Petai contains three natural sugars -sucrose, fructose and glucose. Combined with fiber, petai gives an instant, sustained and substantial boost of energy. Research has proved that just two servings of petai provide enough energy for a strenuous 90-minute workout.. No wonder petai is the number one fruit with the world's leading athletes. But energy isn't the only way petai can help us keep fit. It can also help overcome or prevent a substantial number of illnesses and conditions, making it a must to add to our daily diet.
Depression

According to a recent survey undertaken by MIND among people suffering from depression, many felt much better after eating petai. This is because petai contain tryptophan, a type of protein that the body converts into serotonin, known to make you relax, improve your mood and generally make you feel happier.

PMS (premenstrual syndrome)
Forget the pills - eat petai. The vitamin B6 it contains regulates blood glucose levels, which can affect your mood.

Anaemia

High in iron, petai can stimulate the production of haemoglobin in the blood and so helps in cases of anaemia.
Blood Pressure

This unique tropical fruit is extremely high in potassium yet low in salt, making it perfect to beat blood pressure. So much so, the US Food and Drug Administration has just allowed the petai industry to make official claims for the fruit's ability to reduce the risk of blood pressure and stroke.
Brain Power 

200 students at a Twickenham (Middlesex) school were helped through their exams this year by eating petai at breakfast, break, and lunch in a bid to boost their brain power. Research has shown that the potassium-packed fruit can assist learning by making pupils more alert.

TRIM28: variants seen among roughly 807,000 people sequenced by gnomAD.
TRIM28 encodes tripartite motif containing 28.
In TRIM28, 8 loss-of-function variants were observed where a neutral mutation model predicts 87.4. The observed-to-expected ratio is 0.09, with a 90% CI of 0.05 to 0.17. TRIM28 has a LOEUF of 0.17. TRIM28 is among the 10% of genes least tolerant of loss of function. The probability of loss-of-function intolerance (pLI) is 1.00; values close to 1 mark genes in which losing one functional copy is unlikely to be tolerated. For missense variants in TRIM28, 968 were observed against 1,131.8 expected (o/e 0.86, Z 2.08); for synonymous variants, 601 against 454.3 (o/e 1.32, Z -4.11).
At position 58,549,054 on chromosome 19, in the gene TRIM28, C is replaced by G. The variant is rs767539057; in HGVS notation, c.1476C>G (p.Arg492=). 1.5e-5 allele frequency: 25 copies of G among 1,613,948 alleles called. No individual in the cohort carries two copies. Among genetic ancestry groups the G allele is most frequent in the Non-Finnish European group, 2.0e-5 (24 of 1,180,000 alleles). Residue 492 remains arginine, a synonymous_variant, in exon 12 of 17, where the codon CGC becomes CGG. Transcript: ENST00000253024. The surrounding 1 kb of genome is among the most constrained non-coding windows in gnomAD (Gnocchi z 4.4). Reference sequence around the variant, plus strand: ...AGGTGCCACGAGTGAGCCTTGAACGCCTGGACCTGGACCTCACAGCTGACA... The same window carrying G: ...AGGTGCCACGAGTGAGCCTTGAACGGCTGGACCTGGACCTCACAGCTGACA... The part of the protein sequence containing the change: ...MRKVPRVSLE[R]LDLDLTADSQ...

Understand that bananas contain lot of potassium too so eat more banana... Just look at those monkeys, they are really active, alert, smart and cunning too!

Constipation High in fiber, including petai in the diet can help restore normal bowel action, helping to overcome the problem without resorting to laxatives.
Hangovers

One of the quickest ways of curing a hangover is to make a petai milkshake, sweetened with honey. The petai calms the stomach and, with the help of the honey, builds up depleted blood sugar levels, while the milk soothes and re-hydrates your system.
Heartburn

Petai has a natural antacid effect in the body, so if you suffer from heartburn, try eating petai for soothing relief.
Morning Sickness

Snacking on petai between meals helps to keep blood sugar levels up and avoid morning sickness.

Mosquito bites
Before reaching for the insect bite cream, try rubbing the affected area with the inside of the petai skin. Many people find it amazingly successful at reducing swelling and irritation.
Nerves

Petai is high in B vitamins that help calm the nervous system.
Overweight